Non-invasive Treatments as a Substitute to Plastic Surgery

Posted on February 14, 2017

As numerous celebrities, such as Katie Price, Amy Childs and Heidi Montag reveal their regret at getting plastic surgery, non-invasive treatments are becoming more popular as a substitute for going under the knife.

 

Around 51,140 people, both men and women, opted for surgery in 2015 but statistics from TreatmentAdviser.com has shown that around 1 in 5 people were disappointed or unhappy with the results. These included treatments such as Botox, tummy tucks and liposuction (All treatments that have non-invasive counterparts). Many (around 5%) undergo subsequent surgeries that are more costly to either fix a problem caused by a botched operation, or to try and achieve the results they were expecting.

 

Whilst the majority of plastic surgeons that are operating are in fact, professional, competent and safe, there are a few rogue surgeons that capitalise on people’s desperation by offering cheaper procedures. And 50% of patients from the poll said they felt that they had been pressured by sales techniques to go ahead with surgery by the surgeons or the staff at their clinics. This is what makes it so important for people to do proper, thorough research into their doctor; checking their background, their credentials and their client history.

 

Even smaller, less invasive treatments such as Botox can be devastating both physically and mentally if they are done wrong.

 

This is why non-invasive treatments are becoming much more popular, as they’re a safer substitute to plastic surgery. Even plastic surgery addict Rodrigo Alves has vowed never to go under the knife again, and instead look towards non-invasive treatments to achieve the look he desires.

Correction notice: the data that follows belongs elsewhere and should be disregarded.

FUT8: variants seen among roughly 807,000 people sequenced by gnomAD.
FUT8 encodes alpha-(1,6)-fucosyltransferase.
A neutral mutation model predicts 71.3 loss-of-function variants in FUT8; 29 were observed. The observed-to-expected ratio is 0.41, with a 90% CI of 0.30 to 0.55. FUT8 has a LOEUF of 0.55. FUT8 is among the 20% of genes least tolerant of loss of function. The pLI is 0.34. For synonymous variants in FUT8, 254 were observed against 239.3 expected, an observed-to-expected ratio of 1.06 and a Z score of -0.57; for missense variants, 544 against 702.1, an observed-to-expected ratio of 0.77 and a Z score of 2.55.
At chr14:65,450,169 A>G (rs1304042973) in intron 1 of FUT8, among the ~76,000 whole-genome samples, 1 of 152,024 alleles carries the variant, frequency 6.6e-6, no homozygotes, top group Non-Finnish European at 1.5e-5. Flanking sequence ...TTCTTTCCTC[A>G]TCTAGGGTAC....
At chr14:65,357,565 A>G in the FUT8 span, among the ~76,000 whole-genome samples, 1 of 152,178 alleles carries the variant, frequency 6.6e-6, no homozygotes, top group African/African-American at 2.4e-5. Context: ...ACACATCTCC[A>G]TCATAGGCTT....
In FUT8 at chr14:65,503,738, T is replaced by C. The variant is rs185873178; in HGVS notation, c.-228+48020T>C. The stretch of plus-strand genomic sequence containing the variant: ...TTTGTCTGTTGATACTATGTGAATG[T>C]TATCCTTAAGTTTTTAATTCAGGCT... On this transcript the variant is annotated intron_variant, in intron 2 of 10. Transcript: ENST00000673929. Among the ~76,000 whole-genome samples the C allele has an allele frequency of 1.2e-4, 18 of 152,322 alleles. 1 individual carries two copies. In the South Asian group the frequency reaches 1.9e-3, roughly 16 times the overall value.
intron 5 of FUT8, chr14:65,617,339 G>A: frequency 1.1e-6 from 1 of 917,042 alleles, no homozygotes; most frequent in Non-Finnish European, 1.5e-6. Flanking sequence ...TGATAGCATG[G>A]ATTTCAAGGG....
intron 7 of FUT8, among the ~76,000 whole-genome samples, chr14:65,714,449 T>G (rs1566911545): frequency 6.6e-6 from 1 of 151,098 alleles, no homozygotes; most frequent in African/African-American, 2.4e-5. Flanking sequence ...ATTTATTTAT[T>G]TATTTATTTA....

He said: “I’ve decided to make most of the treatments that do not involve surgery, and I would only have another plastic surgery again if it was for emergency medical reasons which was the recent case of my nose.

 

“I would like to bring awareness of these procedures to the public so that they know there are so many non-invasive treatments available now that are effective alternatives to cosmetic surgery.”

 

Men are a growing demographic in the cosmetic surgery market, and indeed the health and beauty industry as a whole, but even they are realising the benefits of non-invasive treatments. James Alan, a writer for The Telegraph, had lived for twenty years with a crooked nose, after a sports injury caused damage to his nose when he was young. Not wanting to undergo “the drama of a rhinoplasty” he looked into non-invasive treatments and found dermal fillers.

 

Dermal fillers can be used to even out bumps in the nose to make them more symmetrical and disguise any bumps or wonkiness. The best part? There’s no down-time, no bruises and swelling to hide, and no pain. This means you don’t have to take any time off work and you don’t even have to tell anyone you’ve had the treatment – it’s that natural looking. It’s also significantly cheaper than rhinoplasty.

 

And the same can be said for a variety of non-invasive treatments. There are so many options available to people considering going under the knife. Instead of a face lift, why not try mesotherapy? Instead of Botox, why not try dermal fillers? Instead of liposuction, why not try radiofrequency? There are so many non-surgical weight loss treatments and other non-invasive cosmetic procedures that it really is worth thinking twice about going under the knife.

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